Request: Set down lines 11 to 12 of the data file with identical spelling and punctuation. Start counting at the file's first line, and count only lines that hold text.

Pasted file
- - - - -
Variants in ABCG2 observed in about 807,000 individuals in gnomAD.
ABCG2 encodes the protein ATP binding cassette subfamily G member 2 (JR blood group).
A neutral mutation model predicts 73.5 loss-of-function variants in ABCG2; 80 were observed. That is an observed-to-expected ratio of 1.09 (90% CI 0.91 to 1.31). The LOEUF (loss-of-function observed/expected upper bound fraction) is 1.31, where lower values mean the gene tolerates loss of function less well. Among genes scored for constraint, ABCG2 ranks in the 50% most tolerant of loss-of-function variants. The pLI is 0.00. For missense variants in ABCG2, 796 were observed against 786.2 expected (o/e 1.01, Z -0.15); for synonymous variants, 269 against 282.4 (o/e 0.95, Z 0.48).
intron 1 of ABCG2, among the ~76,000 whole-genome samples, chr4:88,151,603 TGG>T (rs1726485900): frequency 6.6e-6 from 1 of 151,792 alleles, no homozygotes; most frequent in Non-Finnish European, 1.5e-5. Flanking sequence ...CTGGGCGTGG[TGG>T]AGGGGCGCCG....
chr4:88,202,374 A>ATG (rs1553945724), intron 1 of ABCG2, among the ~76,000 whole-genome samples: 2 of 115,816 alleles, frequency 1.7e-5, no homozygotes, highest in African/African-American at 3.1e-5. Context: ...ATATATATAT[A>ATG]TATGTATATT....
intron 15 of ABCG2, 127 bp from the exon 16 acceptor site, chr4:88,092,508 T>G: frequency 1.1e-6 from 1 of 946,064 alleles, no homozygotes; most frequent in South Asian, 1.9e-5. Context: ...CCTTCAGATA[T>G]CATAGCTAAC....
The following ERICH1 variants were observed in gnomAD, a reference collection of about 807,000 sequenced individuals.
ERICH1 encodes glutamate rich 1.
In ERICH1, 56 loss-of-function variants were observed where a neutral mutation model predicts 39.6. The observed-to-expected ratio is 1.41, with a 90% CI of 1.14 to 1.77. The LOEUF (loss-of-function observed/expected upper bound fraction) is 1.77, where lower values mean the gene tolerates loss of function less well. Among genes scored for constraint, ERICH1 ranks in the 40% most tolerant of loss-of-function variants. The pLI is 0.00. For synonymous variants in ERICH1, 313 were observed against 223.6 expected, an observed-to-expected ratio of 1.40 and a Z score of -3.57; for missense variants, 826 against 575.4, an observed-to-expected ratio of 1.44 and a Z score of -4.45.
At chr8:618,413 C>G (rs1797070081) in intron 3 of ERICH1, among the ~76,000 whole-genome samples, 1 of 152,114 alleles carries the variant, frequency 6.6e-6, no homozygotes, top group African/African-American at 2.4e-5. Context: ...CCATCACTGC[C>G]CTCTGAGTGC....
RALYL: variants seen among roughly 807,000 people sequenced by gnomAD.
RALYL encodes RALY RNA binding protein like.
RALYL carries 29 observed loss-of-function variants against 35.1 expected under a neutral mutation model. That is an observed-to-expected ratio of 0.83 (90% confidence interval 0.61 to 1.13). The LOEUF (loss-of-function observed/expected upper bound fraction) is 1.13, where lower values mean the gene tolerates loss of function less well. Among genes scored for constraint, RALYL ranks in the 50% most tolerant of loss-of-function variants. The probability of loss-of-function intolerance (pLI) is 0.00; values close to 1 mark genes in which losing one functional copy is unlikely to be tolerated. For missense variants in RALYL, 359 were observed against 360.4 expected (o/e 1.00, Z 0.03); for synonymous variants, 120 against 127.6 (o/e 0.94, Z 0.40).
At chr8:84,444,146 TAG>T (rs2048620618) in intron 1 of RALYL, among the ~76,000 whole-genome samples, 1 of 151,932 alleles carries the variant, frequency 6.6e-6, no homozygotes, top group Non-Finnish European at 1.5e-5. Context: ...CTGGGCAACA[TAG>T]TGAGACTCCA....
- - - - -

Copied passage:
RALYL: variants seen among roughly 807,000 people sequenced by gnomAD.
RALYL encodes RALY RNA binding protein like.